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kāṇṭā (कांटा) [or काटा, kāṭā].—m (kaṇṭaka S) A thorn. 2 fig. A troublesome fellow, a pest, plague, bore, a prick in the side. 3 The tongue of a balance. 4 A balance having a tongue, esp. the balance of a shroff or goldsmith. 5 pl Erection of the hairs of the body (from fright, cold &c.), horripilation. 6 pl Eruptions or roughnesses remaining after fever. 7 pl Shivering preceding fever, rigors. 8 The sting of a scorpion. 9 The tongue or bolt (of a lock, padlock, spring, or catch), the portion which shoots out and retires. 10 The efflorescence (of the bamboo and some other plants). 11 The back-bone. 12 The cross drawn when a multiplication is to be proved. kāṇṭā karaṇēṃ To prove by this cross. 13 A disease in the throat incidental to parrots, starlings &c. 14 A quantity deducted or given on certain articles sold by weight. See under kaḍatā. 15 A rock in the sea or a river. 16 This term is applied generally to any thing resembling a thorn--to a fish bone, the rowel of a spur, the hand of a watch, the spikes or points of a rough bit, a saw &c., to a fork or prong, to bristles or stiff hairs on animals or vegetables &c. &c. 17 The congelations or crystals (of halavā or other candy). v yē, umaṭa, vaṭa, uṭha. kāṇṭā upaṭaṇēṃ g. of s. To lose one's thorn, i. e. one's troubler or trouble, one's tormentor or plague. kāṇṭā upaṭaṇēṃ g. of o. (as of a troubler &c. or of a malady.) To pluck up the very root or deepest spring of. kāṇṭā karaṇēṃ g. of o. To (esteem as a thorn and) withdraw from the company of. kāṇṭyācā nāyaṭā hōṇēṃ. (Ringworm arising from a thorn-puncture.) Expresses the rising of a great evil out of a small one. kāṇṭyānēṃ kāṇṭā kāḍhaṇēṃ To employ one hateful person or thing to destroy another.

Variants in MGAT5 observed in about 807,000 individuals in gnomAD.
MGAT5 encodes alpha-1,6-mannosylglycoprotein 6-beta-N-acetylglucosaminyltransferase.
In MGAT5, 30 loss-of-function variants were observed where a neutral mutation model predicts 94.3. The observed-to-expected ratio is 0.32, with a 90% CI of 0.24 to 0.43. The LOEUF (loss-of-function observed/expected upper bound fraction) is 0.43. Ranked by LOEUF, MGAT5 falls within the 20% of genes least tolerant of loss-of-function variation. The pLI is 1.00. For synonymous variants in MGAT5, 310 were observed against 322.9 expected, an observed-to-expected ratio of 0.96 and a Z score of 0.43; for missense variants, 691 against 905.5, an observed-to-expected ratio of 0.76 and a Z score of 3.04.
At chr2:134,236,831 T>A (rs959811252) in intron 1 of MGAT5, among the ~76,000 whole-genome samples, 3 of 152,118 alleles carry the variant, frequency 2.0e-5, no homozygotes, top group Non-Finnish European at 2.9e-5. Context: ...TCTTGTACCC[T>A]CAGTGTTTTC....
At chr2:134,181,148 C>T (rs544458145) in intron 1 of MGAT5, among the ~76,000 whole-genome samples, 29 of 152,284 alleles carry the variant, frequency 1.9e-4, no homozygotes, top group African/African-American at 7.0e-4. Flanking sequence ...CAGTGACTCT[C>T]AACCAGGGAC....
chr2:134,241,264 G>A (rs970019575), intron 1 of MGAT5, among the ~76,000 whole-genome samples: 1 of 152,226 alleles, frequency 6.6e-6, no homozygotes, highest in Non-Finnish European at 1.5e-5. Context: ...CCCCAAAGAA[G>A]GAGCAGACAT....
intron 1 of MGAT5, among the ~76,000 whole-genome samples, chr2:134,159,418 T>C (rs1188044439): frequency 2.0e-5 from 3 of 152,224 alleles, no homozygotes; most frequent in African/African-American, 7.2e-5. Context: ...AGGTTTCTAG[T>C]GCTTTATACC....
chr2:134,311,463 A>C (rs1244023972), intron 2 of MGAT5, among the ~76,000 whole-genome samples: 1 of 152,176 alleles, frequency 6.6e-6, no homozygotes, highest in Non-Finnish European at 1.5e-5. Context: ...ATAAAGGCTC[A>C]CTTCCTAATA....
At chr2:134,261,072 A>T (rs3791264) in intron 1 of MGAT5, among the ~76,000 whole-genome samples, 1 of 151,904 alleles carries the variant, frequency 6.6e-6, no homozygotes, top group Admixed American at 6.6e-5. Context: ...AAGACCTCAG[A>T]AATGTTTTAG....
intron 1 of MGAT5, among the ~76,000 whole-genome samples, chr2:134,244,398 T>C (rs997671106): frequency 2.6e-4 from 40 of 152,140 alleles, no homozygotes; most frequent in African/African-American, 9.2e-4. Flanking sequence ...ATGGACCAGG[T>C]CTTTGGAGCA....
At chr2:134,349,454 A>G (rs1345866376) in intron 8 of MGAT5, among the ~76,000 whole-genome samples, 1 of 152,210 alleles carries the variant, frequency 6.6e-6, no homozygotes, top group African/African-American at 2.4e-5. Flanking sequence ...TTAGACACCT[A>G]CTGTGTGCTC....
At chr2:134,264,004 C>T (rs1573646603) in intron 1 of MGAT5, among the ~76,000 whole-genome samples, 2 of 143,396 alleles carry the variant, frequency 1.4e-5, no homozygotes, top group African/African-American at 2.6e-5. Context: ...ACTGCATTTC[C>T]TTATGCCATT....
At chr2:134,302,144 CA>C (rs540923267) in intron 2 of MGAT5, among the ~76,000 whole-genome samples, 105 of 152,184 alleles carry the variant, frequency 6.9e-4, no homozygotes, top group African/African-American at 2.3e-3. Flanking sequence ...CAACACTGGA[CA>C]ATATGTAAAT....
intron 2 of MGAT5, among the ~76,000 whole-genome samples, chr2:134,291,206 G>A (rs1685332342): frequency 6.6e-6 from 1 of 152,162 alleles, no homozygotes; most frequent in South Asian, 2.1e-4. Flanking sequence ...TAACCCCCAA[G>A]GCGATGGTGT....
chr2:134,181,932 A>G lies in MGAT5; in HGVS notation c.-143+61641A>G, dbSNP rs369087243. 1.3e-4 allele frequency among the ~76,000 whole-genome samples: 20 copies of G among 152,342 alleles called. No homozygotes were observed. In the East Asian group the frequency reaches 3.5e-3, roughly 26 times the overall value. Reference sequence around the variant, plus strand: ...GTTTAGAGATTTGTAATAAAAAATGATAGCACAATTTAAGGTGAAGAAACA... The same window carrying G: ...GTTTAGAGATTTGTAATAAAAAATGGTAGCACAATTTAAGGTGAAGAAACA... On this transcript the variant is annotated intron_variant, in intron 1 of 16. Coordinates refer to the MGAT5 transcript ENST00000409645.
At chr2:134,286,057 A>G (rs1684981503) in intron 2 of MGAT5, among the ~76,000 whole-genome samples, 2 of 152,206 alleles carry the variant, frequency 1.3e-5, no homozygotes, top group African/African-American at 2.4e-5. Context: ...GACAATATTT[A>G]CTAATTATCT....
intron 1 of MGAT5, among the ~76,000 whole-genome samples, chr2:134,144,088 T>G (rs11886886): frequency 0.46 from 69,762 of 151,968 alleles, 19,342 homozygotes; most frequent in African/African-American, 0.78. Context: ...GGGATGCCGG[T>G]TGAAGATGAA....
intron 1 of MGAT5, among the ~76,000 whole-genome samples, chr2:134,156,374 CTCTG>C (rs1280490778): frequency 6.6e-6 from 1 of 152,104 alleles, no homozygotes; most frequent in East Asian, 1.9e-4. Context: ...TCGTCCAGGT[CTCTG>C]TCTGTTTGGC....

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kānta (कांत).—f (kānti S) Lustre, gloss, glitter, brilliancy. 2 fig. Freshness, clearness, healthiness (of complexion or look). 3 fig. (Because of its glistening.) The exuvies or slough of a snake.

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kānta (कांत).—m (kātaṇa) Shavings of wood, ivory &c., under the turning lathe. 2 C (Corr. from kāṇṭha) Edge, verge, brink.

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kānta (कांत).—m (S) A husband. Abridged from lōha- kānta) The loadstone: also a calx prepared from it. Boilers &c. are made of it.

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kāntā (कांता).—f (S) A beloved or lovely woman, a mistress.

Source: DDSA: The Aryabhusan school dictionary, Marathi-English

kāṇṭā (कांटा).—m A thorn. Balance. A pest. Erection of the hair of the body. The tongue (of a lock). The back-bone The hand of a watch. Congelations or crystals. kāṇṭā upaṭaṇēṃ Pluck up the very root of–any mischief or mischievous person. kāṇṭyācā nāyaṭā hōṇēṃ The rising of a great evil from a small one.

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kānta (कांत).—m A husband. f Lustre, gloss, glit ter. Shavings of wood, ivory &c. under the turning lathe. Freshness. See kānti.

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kāntā (कांता).—f A beloved or lovely woman. A mistress.

context information

Marathi is an Indo-European language having over 70 million native speakers people in (predominantly) Maharashtra India. Marathi, like many other Indo-Aryan languages, evolved from early forms of Prakrit, which itself is a subset of Sanskrit, one of the most ancient languages of the world.

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Sanskrit dictionary

Source: DDSA: The practical Sanskrit-English dictionary

Kaṇṭa (कण्ट).—a. Thorny.

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Kanta (कन्त).—a. Happy.

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Kānta (कान्त).—p. p. [kam-kta]

1) Desired, favourite, loved, dear; कान्तं क्रतुं चाक्षुषम् (kāntaṃ kratuṃ cākṣuṣam) M.1.4.